This week I went along to the Comedy and Critical Thought: Laughter As Resistance? Conference. The event was a collaboration between the University of Kent’s Centre for Critical Thought, Centre for Comic and Popular Performance and the Aesthetics Research Centre. I also snuck a day off from marking on the Bank Holiday Monday and ambled about on a beach (see image above) – huge win for me.
One of the major draws of a conference like this is the chance to explore the diversity of approaches taken to humour and engage with people from such a wide range of disciplines. I expected many of the papers to be way out of my comfort zone but actually that was part of the fun. A reminder of just how much there is out there that you know nothing about is liberating – I am consciously incompetent of even more things than before.
Day one kicked off with James Williams discussing a Deleuzian critique of existing theories of humour (incl. Critchley and Freud). Although this felt a bit less like being thrown in at the deep end and more pushed into the shark tank at an aquarium, this presentation has enabled me to find a more definite articulation of one of the key aspects of my methodology. Although I am sure Williams’ presentation, which was discussing ‘Process Philosophy – How does critique operate when everything is connected?’ had much greater significance for others in attendance, I found what I did grasp illuminating and useful.
It reinforced for me why I have always been frustrated by a content analysis approach to comedy research. My decision to go beyond straightforward content analysis in my own methodology is precisely because by objectifying the humour (making it fixed and reducing it to words so it can be analysed) you remove the context, the before and after, and attempting to remove it from this context is unhelpful and naïve. As Williams put it (according to my hastily scribbled notes) we should be considering the multiplicity of these disruptive events of humour, getting beyond the binary found in the likes of Critchley and Freud (where only two different series are at play, the ‘norm’ and the ‘disruptive’, in terms of incongruity).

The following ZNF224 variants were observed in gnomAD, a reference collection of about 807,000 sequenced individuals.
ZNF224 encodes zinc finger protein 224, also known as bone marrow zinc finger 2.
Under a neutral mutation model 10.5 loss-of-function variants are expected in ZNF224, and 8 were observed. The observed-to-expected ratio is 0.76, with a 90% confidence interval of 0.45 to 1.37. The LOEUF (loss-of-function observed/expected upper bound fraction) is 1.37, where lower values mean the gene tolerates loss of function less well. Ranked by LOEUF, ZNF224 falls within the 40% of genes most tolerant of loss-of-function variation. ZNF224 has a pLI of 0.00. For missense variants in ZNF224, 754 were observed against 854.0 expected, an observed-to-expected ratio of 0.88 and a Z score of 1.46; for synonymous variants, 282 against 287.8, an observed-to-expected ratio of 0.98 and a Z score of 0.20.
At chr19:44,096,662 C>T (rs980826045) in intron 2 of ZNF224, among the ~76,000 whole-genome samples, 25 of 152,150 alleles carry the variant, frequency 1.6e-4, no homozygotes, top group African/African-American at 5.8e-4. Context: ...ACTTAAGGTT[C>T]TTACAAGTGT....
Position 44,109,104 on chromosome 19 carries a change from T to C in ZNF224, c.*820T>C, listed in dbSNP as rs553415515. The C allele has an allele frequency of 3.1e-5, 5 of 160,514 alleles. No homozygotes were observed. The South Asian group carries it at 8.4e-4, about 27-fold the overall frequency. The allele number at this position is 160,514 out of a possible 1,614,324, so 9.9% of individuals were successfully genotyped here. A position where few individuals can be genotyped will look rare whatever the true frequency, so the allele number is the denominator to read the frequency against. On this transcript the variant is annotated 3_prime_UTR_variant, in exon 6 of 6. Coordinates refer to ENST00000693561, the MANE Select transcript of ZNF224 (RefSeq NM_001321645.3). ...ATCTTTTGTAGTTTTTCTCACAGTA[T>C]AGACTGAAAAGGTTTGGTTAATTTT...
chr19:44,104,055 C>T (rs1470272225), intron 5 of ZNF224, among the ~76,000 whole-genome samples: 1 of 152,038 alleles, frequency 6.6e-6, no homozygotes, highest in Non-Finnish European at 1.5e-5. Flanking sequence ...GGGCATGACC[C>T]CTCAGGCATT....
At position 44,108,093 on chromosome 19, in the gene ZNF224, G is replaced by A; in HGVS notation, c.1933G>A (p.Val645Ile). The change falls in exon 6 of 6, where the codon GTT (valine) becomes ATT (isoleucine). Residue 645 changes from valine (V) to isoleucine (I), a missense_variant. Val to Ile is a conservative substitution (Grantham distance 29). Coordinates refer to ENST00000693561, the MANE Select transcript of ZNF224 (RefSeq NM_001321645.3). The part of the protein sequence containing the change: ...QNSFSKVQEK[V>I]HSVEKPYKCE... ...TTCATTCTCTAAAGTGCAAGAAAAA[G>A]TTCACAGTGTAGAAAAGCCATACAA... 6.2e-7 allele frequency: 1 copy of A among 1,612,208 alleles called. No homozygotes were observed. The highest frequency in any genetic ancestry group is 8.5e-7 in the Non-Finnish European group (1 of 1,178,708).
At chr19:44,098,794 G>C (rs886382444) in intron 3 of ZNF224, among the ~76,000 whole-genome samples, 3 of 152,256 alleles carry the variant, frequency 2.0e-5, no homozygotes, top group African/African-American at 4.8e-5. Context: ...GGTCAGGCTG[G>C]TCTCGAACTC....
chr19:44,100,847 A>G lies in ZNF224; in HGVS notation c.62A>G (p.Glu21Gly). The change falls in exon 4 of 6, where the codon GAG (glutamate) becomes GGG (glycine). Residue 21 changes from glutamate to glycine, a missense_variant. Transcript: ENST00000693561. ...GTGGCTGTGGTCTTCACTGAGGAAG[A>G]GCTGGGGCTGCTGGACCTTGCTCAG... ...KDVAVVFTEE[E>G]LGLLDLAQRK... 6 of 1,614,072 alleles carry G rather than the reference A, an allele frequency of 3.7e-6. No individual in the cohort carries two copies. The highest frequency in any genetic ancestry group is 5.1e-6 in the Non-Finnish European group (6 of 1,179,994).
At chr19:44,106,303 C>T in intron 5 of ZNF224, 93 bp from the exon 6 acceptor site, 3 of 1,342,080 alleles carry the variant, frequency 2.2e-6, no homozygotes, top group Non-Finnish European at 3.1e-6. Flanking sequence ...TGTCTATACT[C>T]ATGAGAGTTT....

So basically the first keynote had me questioning my own existence. I can actually still feel my brain thinking. I’m not a fixed thing, I am a process and I am becoming. Mind blown.
Other highlights included Dr Shaun May’s discussion of the neurodiveristy movement’s use of humour in highlighting the flaws in neurotypical pathologising of autism and Asperger’s, and Dr Rosie White’s paper on the work of Kathy Burke in queering understandings of femininity. Having been inspired by Rosie’s work on Lizzie and Sarah (a TV comedy created by Jessica Hynes and Julia Davis) and her arguments about the presentation of feminist messages within it, it was great to see her present in person. All attendees also got the chance to have a peek through the current exhibition of comic art as part of the Uni’s Stand-Up Comedy Archive. There were many excellent images from patriarchy-smashing comics including the one below.
Another key aspect of attending this event was the opportunity to meet with other comedy researchers. I was lucky enough to be able to spend time talking through things with Kate Fox (based at University of Leeds) whose own practice-based research is exploring a similar theme to my own (decidedly non-practice-based) research. The opportunity to talk to other comedy researchers is invaluable. The chance to be challenged and reassured is helpful when, as a PhD student, you spend so much time fighting the fight solo. Kate is also conducting qualitative interviews and so discussing the complexities of the ethical aspects of this, and how this will fit alongside the analysis we are both conducting, made me feel a million times more energised for what is left to achieve.
So, all in all, a really engaging and worthwhile event for me. One that I am still processing.